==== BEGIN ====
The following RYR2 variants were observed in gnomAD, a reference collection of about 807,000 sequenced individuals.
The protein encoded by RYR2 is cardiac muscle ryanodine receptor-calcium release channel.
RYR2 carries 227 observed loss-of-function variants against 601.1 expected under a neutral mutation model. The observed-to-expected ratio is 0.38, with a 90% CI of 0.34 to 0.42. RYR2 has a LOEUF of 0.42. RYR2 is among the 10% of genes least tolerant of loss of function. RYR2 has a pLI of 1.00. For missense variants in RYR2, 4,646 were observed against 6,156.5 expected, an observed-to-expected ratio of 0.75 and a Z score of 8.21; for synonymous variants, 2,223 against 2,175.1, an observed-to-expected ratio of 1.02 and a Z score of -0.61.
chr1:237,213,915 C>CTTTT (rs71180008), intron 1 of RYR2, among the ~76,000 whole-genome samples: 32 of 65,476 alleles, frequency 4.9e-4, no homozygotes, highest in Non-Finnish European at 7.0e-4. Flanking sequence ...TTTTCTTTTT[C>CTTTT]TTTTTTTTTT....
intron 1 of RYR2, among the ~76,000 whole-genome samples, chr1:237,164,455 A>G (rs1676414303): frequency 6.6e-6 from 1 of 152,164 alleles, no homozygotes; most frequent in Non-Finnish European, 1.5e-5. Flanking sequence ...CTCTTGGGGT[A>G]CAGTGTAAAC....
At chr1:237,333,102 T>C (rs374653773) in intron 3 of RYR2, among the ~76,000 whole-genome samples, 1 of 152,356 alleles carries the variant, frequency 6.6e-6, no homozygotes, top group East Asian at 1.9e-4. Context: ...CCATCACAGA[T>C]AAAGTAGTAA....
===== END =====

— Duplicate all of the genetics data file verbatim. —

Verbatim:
The following RYR2 variants were observed in gnomAD, a reference collection of about 807,000 sequenced individuals.
The protein encoded by RYR2 is cardiac muscle ryanodine receptor-calcium release channel.
RYR2 carries 227 observed loss-of-function variants against 601.1 expected under a neutral mutation model. The observed-to-expected ratio is 0.38, with a 90% CI of 0.34 to 0.42. RYR2 has a LOEUF of 0.42. RYR2 is among the 10% of genes least tolerant of loss of function. RYR2 has a pLI of 1.00. For missense variants in RYR2, 4,646 were observed against 6,156.5 expected, an observed-to-expected ratio of 0.75 and a Z score of 8.21; for synonymous variants, 2,223 against 2,175.1, an observed-to-expected ratio of 1.02 and a Z score of -0.61.
chr1:237,213,915 C>CTTTT (rs71180008), intron 1 of RYR2, among the ~76,000 whole-genome samples: 32 of 65,476 alleles, frequency 4.9e-4, no homozygotes, highest in Non-Finnish European at 7.0e-4. Flanking sequence ...TTTTCTTTTT[C>CTTTT]TTTTTTTTTT....
intron 1 of RYR2, among the ~76,000 whole-genome samples, chr1:237,164,455 A>G (rs1676414303): frequency 6.6e-6 from 1 of 152,164 alleles, no homozygotes; most frequent in Non-Finnish European, 1.5e-5. Flanking sequence ...CTCTTGGGGT[A>G]CAGTGTAAAC....
At chr1:237,333,102 T>C (rs374653773) in intron 3 of RYR2, among the ~76,000 whole-genome samples, 1 of 152,356 alleles carries the variant, frequency 6.6e-6, no homozygotes, top group East Asian at 1.9e-4. Context: ...CCATCACAGA[T>C]AAAGTAGTAA....